Apr 14, 2021
Tsitsi Dangarembga: Are better days coming for Zimbabwe?
Zeinab Badawi interviews playwright, novelist and filmmaker Tsitsi Dangarembga, one of Zimbabwe’s most influential and acclaimed cultural figures. Arrested for her political activism, she says her art gives her a platform to call for change. Is she optimistic about her country's future? What are the prospects for better days in Zimbabwe, when every day is a struggle?
Apr 12, 2021
Amrullah Saleh: Is the Afghan peace process running out of road?
If Afghanistan is to find a way out of seemingly never-ending war the next few weeks will be critically important. The Biden Administration is pressing the Afghan Government and the Taliban to accept a transition plan based on a ceasefire and power-sharing. It’s a tough sell, given the taliban has intensified its military campaign in recent months. But what’s the alternative? Stephen Sackur speaks to Afghanistan’s First Vice President Amrullah Saleh. Is the Afghan peace process running out of road?
Apr 09, 2021
Ken Rogoff: Does Bidenomics make sense?
The Covid pandemic looks like a watershed moment in global economics. Big Government is back as the failsafe engine of economic growth, as the usual fears such as soaring debt and rising inflation have been pushed aside. Stephen Sackur interviews acclaimed US economist Ken Rogoff, once dubbed ‘the godfather of austerity’. Is he a convert to Bidenomics?
Apr 06, 2021
Barbara Amiel: What do the super-rich owe the rest of the world?
The proportion of wealth owned by a super-rich elite continues to grow in societies around the world. The glaring disparity between the 'have-mosts' and the 'have-nothings' has fuelled a wave of political anger. Stephen Sackur speaks to the former newspaper columnist, editor, and one-time high society hostess Barbara Amiel, whose recent memoir, wittingly or not, paints an extraordinary, even grotesque, picture of the lives of the wealthy.
Apr 05, 2021
Sir Vartan Melkonian: From Beirut street child to the Royal Philharmonic Orchestra
Sir Vartan Melkonian began his life as an Armenian refugee in Lebanon, spending his early years in an orphanage outside Beirut, followed by living rough on the streets for many years. He is now a renowned musician, conductor and composer. Zeinab Badawi hears his remarkable story.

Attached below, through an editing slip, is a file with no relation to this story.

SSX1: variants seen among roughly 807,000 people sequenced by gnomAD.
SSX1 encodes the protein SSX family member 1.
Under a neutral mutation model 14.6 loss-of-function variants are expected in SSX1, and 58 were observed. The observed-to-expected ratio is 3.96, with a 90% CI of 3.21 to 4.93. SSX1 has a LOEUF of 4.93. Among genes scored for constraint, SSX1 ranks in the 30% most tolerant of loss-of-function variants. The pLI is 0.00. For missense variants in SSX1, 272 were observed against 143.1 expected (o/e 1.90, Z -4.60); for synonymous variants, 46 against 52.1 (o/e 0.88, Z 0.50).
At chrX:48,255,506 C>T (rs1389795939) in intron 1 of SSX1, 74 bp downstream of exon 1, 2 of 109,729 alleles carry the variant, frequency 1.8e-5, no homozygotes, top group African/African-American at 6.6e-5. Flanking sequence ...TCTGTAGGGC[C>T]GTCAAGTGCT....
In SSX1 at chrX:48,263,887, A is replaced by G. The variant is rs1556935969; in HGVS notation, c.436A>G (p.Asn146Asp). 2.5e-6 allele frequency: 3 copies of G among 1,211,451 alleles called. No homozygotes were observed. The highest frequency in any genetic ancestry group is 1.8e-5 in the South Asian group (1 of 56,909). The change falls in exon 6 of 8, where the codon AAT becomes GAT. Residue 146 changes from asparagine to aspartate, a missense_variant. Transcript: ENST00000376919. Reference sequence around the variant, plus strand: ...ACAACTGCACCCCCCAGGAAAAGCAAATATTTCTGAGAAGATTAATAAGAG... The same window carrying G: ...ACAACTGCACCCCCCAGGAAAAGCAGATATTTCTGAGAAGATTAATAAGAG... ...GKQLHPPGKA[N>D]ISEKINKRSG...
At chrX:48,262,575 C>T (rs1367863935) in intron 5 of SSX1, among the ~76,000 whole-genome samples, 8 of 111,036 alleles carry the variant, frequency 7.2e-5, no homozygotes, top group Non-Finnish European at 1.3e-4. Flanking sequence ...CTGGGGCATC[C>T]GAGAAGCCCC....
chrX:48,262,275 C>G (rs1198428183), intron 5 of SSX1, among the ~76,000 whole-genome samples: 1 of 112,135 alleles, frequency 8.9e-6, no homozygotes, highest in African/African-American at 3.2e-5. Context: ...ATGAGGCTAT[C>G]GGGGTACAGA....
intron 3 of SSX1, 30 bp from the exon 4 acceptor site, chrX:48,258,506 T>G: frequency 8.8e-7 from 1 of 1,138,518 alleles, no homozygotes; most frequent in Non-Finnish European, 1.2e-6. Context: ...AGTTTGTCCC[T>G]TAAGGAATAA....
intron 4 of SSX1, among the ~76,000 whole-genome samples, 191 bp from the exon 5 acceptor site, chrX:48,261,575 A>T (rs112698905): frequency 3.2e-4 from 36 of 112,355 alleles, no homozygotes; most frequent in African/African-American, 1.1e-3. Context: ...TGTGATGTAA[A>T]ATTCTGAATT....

Apr 02, 2021
Erika Lust: Can porn be feminist?
Porn is one of the biggest drivers of internet traffic and a generator of vast amounts of money, but also an industry in a state of flux. The biggest online porn platforms have been accused of profiting from criminality and abuse. Stephen Sackur interviews Erika Lust - pornographer, feminist and entrepreneur. Is there such a thing as ethical porn?
Mar 30, 2021
Marina Abramović: A remarkable career pushed to the limits
Much of the art we love is presented via a medium - be it a canvas, a recording or celluloid. Stephen Sackur interviews Marina Abramović, an artist whose primary resource is her own body. In the course of a remarkable career, the world's most famous and garlanded performance artist has pushed herself to the very limits of physical endurance and stirred intense reaction from audiences confronting her eye to eye. Her art and life are one; so what do they tell us?
Mar 29, 2021
Jean-Claude Juncker: Is Covid an unprecedented test of EU cohesion?
The Covid-19 pandemic has presented the European Union with an unprecedented test of its cohesion and competence. Right now, the scorecard looks decidedly mixed, with many member states facing a third wave of infection while, the vaccination rollout lags far behind that in post-Brexit Britain. Stephen Sackur speaks to the former president of the European Commission, Jean-Claude Juncker. He once bemoaned a loss of collective EU libido, but is the problem getting worse?
Mar 26, 2021
Regina Ip Lau Suk-yee: Is the concept of ‘one country, two systems’ dead?
It seems the Biden Administration is putting greater emphasis on human rights issues in its already fraught relationship with China. Will that prompt Beijing to think twice about the crackdown on pro-democracy activism in Hong Kong? Stephen Sackur interviews Regina Ip, Chair of the New People’s Party, member of Hong Kong’s Legislative Council and one of Beijing’s most loyal backers in the territory. Is the concept of ‘one country, two systems’ dead? (Photo: Regina Ip appears via video link on Hardtalk)
Mar 24, 2021
Baroness Minouche Shafik: What do we owe each other?